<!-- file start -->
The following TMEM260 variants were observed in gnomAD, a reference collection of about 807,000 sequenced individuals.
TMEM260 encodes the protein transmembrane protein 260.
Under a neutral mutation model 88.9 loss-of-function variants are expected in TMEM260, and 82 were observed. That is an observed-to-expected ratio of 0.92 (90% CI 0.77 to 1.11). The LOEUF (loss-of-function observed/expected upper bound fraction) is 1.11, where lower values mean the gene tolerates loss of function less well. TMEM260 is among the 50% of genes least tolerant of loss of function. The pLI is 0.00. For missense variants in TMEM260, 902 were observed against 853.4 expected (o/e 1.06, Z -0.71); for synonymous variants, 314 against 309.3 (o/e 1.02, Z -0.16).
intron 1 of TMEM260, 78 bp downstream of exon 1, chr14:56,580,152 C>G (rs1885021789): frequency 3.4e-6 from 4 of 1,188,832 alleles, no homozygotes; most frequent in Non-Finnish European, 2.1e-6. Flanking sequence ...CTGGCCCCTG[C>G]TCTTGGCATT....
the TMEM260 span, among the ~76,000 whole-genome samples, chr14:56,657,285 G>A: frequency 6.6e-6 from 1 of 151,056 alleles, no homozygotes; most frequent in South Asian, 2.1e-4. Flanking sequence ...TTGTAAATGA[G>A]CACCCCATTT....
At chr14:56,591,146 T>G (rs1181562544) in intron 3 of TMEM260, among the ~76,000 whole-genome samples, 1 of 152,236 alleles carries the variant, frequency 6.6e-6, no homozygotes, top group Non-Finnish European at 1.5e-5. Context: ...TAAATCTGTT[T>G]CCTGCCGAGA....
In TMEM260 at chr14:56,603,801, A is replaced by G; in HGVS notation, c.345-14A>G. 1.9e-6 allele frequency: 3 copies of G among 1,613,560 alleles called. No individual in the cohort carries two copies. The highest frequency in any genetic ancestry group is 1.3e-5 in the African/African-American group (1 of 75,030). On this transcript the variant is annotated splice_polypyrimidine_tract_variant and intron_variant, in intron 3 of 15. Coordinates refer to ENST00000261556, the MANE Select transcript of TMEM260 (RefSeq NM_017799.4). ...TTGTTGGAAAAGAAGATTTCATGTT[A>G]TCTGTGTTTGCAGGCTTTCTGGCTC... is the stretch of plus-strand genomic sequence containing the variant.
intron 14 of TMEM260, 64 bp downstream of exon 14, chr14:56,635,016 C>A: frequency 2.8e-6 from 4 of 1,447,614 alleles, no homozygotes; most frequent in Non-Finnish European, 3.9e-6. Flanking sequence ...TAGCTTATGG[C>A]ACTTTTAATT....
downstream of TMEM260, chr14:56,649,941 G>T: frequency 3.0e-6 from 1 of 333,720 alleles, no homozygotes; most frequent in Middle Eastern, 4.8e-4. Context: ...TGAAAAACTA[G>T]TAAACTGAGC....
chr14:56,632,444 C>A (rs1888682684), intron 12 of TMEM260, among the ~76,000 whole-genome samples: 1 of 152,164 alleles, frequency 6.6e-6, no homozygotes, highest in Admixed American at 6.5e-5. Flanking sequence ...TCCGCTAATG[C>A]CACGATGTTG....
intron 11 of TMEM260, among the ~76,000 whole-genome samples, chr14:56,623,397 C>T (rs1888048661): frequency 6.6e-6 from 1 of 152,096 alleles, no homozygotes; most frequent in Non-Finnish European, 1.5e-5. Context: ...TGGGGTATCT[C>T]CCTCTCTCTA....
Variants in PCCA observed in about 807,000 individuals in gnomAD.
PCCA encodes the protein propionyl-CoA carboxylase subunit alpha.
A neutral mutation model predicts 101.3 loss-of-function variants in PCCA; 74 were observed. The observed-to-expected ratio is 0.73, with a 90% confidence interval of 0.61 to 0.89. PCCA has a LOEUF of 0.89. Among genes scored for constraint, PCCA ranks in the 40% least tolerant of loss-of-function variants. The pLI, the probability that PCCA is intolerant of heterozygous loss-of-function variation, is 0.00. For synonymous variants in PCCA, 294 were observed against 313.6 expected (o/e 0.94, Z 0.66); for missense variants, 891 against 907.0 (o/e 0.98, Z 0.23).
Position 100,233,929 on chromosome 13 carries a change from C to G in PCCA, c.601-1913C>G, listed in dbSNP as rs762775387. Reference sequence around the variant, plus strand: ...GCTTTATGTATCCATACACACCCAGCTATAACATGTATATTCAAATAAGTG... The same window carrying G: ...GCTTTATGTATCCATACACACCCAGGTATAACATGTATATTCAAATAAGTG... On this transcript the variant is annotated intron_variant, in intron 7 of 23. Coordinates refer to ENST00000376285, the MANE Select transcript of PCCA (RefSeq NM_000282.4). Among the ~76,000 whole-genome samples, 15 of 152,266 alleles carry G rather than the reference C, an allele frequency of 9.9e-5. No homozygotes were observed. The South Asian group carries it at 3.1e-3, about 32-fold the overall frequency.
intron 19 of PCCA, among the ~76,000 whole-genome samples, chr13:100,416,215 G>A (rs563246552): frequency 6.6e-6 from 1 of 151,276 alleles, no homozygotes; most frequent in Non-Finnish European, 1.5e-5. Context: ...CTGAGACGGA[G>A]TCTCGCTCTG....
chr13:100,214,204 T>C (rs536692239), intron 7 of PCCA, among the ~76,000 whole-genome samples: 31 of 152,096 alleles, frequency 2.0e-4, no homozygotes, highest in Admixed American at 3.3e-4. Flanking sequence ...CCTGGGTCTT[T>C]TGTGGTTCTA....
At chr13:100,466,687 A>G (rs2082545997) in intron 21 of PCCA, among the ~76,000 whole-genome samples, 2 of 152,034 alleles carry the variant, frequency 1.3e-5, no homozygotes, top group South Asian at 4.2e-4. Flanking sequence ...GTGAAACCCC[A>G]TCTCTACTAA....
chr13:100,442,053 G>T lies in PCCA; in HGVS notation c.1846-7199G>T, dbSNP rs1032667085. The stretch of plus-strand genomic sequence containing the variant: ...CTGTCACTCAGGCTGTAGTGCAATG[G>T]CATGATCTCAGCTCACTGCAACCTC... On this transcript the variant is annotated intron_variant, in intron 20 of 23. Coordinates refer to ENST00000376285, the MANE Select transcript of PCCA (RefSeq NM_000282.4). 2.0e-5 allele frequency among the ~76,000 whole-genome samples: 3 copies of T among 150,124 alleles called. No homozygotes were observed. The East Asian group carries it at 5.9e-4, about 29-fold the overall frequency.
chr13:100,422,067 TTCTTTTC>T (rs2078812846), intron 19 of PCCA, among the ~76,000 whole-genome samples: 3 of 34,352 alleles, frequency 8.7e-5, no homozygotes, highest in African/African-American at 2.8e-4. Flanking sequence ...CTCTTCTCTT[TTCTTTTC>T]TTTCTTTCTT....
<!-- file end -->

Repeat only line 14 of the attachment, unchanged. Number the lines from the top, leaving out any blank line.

A neutral mutation model predicts 101.3 loss-of-function variants in PCCA; 74 were observed. The observed-to-expected ratio is 0.73, with a 90% confidence interval of 0.61 to 0.89. PCCA has a LOEUF of 0.89. Among genes scored for constraint, PCCA ranks in the 40% least tolerant of loss-of-function variants. The pLI, the probability that PCCA is intolerant of heterozygous loss-of-function variation, is 0.00. For synonymous variants in PCCA, 294 were observed against 313.6 expected (o/e 0.94, Z 0.66); for missense variants, 891 against 907.0 (o/e 0.98, Z 0.23).